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From: dave at immunitysec.com (Dave Aitel)
Subject: RE: Risk between discovery and patch

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Well, my point is this: There isn't anyone who can say for sure how
many people could have found and exploited the LSASS hole. For sure
geo can't say how many people there are. He thinks it's maybe a
handfull, but more than that, he feels he has to share that opinion
with the whole world on FD and additionally argue that it's ok to not
release patches for years based on that opinion.

But I don't think Immunity is one of the "few that can". I think there
are thousands of people who can do this sort of work - and plenty of
them are already doing it. It's crazy to think that when you find a
bug, that no one else has found that bug. There's no magical line
between for-profit researchers and hobby researchers. If anything,
hobbists (aka hackers) have more time and resources to put towards
vulnerability research and exploitation. The reason there aren't all
sorts of worms coming out for these things is that worms only ruin
bugs, they don't do anything cool with them. They're just the
punchline to the joke that is a dieing bug. There's no motivation
there, since with the right 0day you can own anything you want to own
as it is. Such as eEye or Microsoft or Immunity.

All geo was doing was adding to the noise (which I'll stop doing now).
And his conclusions are silly.

Dave Aitel
Immunity, Inc.
P.S. I didn't write either the ASN.1 or the LSASS bug up. My job is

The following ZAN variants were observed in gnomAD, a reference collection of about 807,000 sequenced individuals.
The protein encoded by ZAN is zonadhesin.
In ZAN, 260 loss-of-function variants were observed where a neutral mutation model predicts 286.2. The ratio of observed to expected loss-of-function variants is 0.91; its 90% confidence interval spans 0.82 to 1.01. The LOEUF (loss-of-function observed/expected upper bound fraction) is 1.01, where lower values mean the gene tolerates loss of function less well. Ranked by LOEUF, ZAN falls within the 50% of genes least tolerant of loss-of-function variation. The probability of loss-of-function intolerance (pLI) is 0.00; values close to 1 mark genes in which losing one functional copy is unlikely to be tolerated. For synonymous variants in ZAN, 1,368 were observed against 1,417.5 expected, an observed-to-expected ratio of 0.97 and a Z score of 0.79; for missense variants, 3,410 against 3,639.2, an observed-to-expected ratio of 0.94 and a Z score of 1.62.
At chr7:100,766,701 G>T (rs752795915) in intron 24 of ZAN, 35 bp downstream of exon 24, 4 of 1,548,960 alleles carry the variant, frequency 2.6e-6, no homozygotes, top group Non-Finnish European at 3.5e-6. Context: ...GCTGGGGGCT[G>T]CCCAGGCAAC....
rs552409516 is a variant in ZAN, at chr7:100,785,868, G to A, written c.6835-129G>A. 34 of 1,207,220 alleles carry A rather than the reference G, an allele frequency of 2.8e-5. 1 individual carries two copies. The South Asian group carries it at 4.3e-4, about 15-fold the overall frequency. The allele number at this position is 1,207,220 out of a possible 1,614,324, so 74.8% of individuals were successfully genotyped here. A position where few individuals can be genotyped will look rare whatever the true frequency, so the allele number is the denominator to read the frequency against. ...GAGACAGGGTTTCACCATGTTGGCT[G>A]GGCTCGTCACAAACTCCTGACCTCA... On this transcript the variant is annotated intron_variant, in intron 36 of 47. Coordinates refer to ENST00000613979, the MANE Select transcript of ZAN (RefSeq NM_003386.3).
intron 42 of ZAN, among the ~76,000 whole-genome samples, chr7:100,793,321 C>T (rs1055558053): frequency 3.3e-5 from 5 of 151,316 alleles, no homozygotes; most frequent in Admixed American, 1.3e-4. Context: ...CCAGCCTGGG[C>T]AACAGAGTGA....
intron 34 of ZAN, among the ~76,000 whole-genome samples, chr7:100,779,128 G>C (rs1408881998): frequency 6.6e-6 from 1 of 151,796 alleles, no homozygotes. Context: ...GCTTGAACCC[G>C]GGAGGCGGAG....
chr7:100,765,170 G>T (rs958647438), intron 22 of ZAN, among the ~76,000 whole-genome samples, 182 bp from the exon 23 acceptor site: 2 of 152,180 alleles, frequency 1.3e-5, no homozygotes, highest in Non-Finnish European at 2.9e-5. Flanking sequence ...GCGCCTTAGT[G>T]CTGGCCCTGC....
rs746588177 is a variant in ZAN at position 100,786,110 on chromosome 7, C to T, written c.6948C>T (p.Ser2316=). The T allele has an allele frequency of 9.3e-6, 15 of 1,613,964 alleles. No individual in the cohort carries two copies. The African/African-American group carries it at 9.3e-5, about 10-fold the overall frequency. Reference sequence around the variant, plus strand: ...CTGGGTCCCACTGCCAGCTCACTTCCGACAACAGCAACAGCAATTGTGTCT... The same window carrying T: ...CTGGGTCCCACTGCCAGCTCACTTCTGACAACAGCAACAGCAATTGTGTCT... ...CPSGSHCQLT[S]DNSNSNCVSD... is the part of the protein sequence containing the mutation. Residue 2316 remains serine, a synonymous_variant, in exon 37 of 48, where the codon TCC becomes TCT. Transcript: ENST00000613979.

currently to fill out forms and do paperwork. :>



Ben Nagy wrote:

| ... First, I think you should accept the compliment, above, that
| you are one of the "few who can", and not read it as someone
| underestimating your hacking skillZ.
|
| Second, I think that the real point of Geo's mail is not about
| producing PoC exploits once the vulnerability is released and the
| patch is available. The subthread was about the risk of MS leaving
| things unpatched for a long time. Geo's point (as I read it) was
| that very few people can take a non-trivial zero day vulnerability
| and produce a working exploit with no further clues - even if they
| can find it in the first place. Obviously something like a stack
| based overflow is easy, but witness the stupid "heap corruption
| isn't exploitable" flailing that we saw after ASN.1 - and that was
| _after_ the advisory pinpointed the issue.
|
| Well, I do have a point of my own on the subthread. In a perfect
| world, if someone tells MS about a zeroday and waits until the
| patch is released then that presents no greater risk to the Windows
| world than the risk of some malicious entity finding a new,
| independent zeroday and exploiting it. Mathematically, I suppose
| this assumes that the number of Windows bugs is infinite, but hey,
| close enough. ;)
|
| There are two problems with this - first it's not a perfect world,
| and we've seen that bug data leaks from time to time. Second, once
| a vulnerability is announced in something like RPC then people
| start focusing on it - after MS03-026 and 039 we have seen a rash
| of new RPC problems in a similar vein that were left unpatched for
| months. It is far from impossible that Bad People could have found
| and exploited them independantly within that timeframe. In a sense,
| once there are "hints" out there then the risk is significantly
| elevated - and that's why waiting six months to release a set of
| rolled-up patches is a questionable approach.
|
| ben
|
|
|
|
|
| _______________________________________________ Full-Disclosure -
| We believe in it. Charter:
| http://lists.netsys.com/full-disclosure-charter.html


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